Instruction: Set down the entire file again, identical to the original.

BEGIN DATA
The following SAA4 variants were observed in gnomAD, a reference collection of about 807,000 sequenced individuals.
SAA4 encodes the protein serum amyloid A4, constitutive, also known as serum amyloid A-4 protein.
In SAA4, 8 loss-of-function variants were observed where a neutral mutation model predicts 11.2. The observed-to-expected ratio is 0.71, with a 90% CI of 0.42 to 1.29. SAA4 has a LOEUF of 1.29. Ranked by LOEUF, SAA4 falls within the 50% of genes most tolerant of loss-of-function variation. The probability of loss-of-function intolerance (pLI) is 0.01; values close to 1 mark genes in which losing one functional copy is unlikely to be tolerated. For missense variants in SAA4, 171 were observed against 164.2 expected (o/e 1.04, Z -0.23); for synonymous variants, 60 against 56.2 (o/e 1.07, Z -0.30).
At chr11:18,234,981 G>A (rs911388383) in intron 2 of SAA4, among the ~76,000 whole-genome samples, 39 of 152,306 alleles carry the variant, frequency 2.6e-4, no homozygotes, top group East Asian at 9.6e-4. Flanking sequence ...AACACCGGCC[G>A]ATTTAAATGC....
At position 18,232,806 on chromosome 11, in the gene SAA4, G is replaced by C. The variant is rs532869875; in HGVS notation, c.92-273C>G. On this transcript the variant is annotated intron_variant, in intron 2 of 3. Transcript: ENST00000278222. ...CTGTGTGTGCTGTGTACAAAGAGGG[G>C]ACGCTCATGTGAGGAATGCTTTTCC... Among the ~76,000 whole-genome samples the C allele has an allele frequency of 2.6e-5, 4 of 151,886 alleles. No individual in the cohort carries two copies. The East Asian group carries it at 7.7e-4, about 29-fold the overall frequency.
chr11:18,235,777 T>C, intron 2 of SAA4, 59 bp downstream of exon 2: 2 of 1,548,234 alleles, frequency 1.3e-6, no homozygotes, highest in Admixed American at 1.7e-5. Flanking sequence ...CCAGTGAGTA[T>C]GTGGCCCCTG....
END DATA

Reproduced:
The following SAA4 variants were observed in gnomAD, a reference collection of about 807,000 sequenced individuals.
SAA4 encodes the protein serum amyloid A4, constitutive, also known as serum amyloid A-4 protein.
In SAA4, 8 loss-of-function variants were observed where a neutral mutation model predicts 11.2. The observed-to-expected ratio is 0.71, with a 90% CI of 0.42 to 1.29. SAA4 has a LOEUF of 1.29. Ranked by LOEUF, SAA4 falls within the 50% of genes most tolerant of loss-of-function variation. The probability of loss-of-function intolerance (pLI) is 0.01; values close to 1 mark genes in which losing one functional copy is unlikely to be tolerated. For missense variants in SAA4, 171 were observed against 164.2 expected (o/e 1.04, Z -0.23); for synonymous variants, 60 against 56.2 (o/e 1.07, Z -0.30).
At chr11:18,234,981 G>A (rs911388383) in intron 2 of SAA4, among the ~76,000 whole-genome samples, 39 of 152,306 alleles carry the variant, frequency 2.6e-4, no homozygotes, top group East Asian at 9.6e-4. Flanking sequence ...AACACCGGCC[G>A]ATTTAAATGC....
At position 18,232,806 on chromosome 11, in the gene SAA4, G is replaced by C. The variant is rs532869875; in HGVS notation, c.92-273C>G. On this transcript the variant is annotated intron_variant, in intron 2 of 3. Transcript: ENST00000278222. ...CTGTGTGTGCTGTGTACAAAGAGGG[G>C]ACGCTCATGTGAGGAATGCTTTTCC... Among the ~76,000 whole-genome samples the C allele has an allele frequency of 2.6e-5, 4 of 151,886 alleles. No individual in the cohort carries two copies. The East Asian group carries it at 7.7e-4, about 29-fold the overall frequency.
chr11:18,235,777 T>C, intron 2 of SAA4, 59 bp downstream of exon 2: 2 of 1,548,234 alleles, frequency 1.3e-6, no homozygotes, highest in Admixed American at 1.7e-5. Flanking sequence ...CCAGTGAGTA[T>C]GTGGCCCCTG....